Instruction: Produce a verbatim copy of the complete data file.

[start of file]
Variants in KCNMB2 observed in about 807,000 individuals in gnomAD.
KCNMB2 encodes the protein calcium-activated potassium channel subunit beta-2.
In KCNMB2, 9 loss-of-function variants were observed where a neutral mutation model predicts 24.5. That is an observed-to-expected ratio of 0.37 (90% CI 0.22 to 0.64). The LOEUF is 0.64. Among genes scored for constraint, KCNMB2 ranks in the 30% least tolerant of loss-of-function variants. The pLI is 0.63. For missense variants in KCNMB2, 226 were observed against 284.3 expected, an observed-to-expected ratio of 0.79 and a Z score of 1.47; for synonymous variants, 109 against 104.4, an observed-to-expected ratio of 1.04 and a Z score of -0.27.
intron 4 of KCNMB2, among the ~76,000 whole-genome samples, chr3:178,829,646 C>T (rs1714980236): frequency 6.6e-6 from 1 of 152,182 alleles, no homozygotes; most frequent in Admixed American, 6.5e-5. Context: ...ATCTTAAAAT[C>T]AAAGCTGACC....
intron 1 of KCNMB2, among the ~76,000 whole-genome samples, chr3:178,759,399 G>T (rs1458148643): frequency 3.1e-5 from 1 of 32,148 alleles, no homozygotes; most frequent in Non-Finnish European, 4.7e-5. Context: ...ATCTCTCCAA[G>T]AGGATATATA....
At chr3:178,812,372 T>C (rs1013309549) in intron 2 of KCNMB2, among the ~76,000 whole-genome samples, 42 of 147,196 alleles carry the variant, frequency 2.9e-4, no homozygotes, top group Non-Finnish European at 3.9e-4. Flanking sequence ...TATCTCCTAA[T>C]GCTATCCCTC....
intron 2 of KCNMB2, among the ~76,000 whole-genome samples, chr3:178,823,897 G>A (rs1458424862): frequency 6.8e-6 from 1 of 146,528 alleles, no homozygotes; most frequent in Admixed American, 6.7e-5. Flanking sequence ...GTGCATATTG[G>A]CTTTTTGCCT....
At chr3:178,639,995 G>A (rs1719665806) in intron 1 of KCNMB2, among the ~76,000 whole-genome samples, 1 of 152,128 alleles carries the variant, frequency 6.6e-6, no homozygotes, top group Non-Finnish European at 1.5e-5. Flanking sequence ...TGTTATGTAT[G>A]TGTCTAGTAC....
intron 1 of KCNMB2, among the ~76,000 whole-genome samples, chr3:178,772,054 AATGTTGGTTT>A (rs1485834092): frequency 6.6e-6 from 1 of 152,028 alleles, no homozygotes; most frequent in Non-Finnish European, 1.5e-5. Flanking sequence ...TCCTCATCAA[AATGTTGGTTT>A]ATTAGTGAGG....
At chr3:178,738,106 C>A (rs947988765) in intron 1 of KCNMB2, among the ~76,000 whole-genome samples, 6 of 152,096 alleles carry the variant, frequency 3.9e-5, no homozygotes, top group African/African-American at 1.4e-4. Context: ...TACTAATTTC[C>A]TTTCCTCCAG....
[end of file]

Variants in KCNMB2 observed in about 807,000 individuals in gnomAD.
KCNMB2 encodes the protein calcium-activated potassium channel subunit beta-2.
In KCNMB2, 9 loss-of-function variants were observed where a neutral mutation model predicts 24.5. That is an observed-to-expected ratio of 0.37 (90% CI 0.22 to 0.64). The LOEUF is 0.64. Among genes scored for constraint, KCNMB2 ranks in the 30% least tolerant of loss-of-function variants. The pLI is 0.63. For missense variants in KCNMB2, 226 were observed against 284.3 expected, an observed-to-expected ratio of 0.79 and a Z score of 1.47; for synonymous variants, 109 against 104.4, an observed-to-expected ratio of 1.04 and a Z score of -0.27.
intron 4 of KCNMB2, among the ~76,000 whole-genome samples, chr3:178,829,646 C>T (rs1714980236): frequency 6.6e-6 from 1 of 152,182 alleles, no homozygotes; most frequent in Admixed American, 6.5e-5. Context: ...ATCTTAAAAT[C>T]AAAGCTGACC....
intron 1 of KCNMB2, among the ~76,000 whole-genome samples, chr3:178,759,399 G>T (rs1458148643): frequency 3.1e-5 from 1 of 32,148 alleles, no homozygotes; most frequent in Non-Finnish European, 4.7e-5. Context: ...ATCTCTCCAA[G>T]AGGATATATA....
At chr3:178,812,372 T>C (rs1013309549) in intron 2 of KCNMB2, among the ~76,000 whole-genome samples, 42 of 147,196 alleles carry the variant, frequency 2.9e-4, no homozygotes, top group Non-Finnish European at 3.9e-4. Flanking sequence ...TATCTCCTAA[T>C]GCTATCCCTC....
intron 2 of KCNMB2, among the ~76,000 whole-genome samples, chr3:178,823,897 G>A (rs1458424862): frequency 6.8e-6 from 1 of 146,528 alleles, no homozygotes; most frequent in Admixed American, 6.7e-5. Flanking sequence ...GTGCATATTG[G>A]CTTTTTGCCT....
At chr3:178,639,995 G>A (rs1719665806) in intron 1 of KCNMB2, among the ~76,000 whole-genome samples, 1 of 152,128 alleles carries the variant, frequency 6.6e-6, no homozygotes, top group Non-Finnish European at 1.5e-5. Flanking sequence ...TGTTATGTAT[G>A]TGTCTAGTAC....
intron 1 of KCNMB2, among the ~76,000 whole-genome samples, chr3:178,772,054 AATGTTGGTTT>A (rs1485834092): frequency 6.6e-6 from 1 of 152,028 alleles, no homozygotes; most frequent in Non-Finnish European, 1.5e-5. Flanking sequence ...TCCTCATCAA[AATGTTGGTTT>A]ATTAGTGAGG....
At chr3:178,738,106 C>A (rs947988765) in intron 1 of KCNMB2, among the ~76,000 whole-genome samples, 6 of 152,096 alleles carry the variant, frequency 3.9e-5, no homozygotes, top group African/African-American at 1.4e-4. Context: ...TACTAATTTC[C>A]TTTCCTCCAG....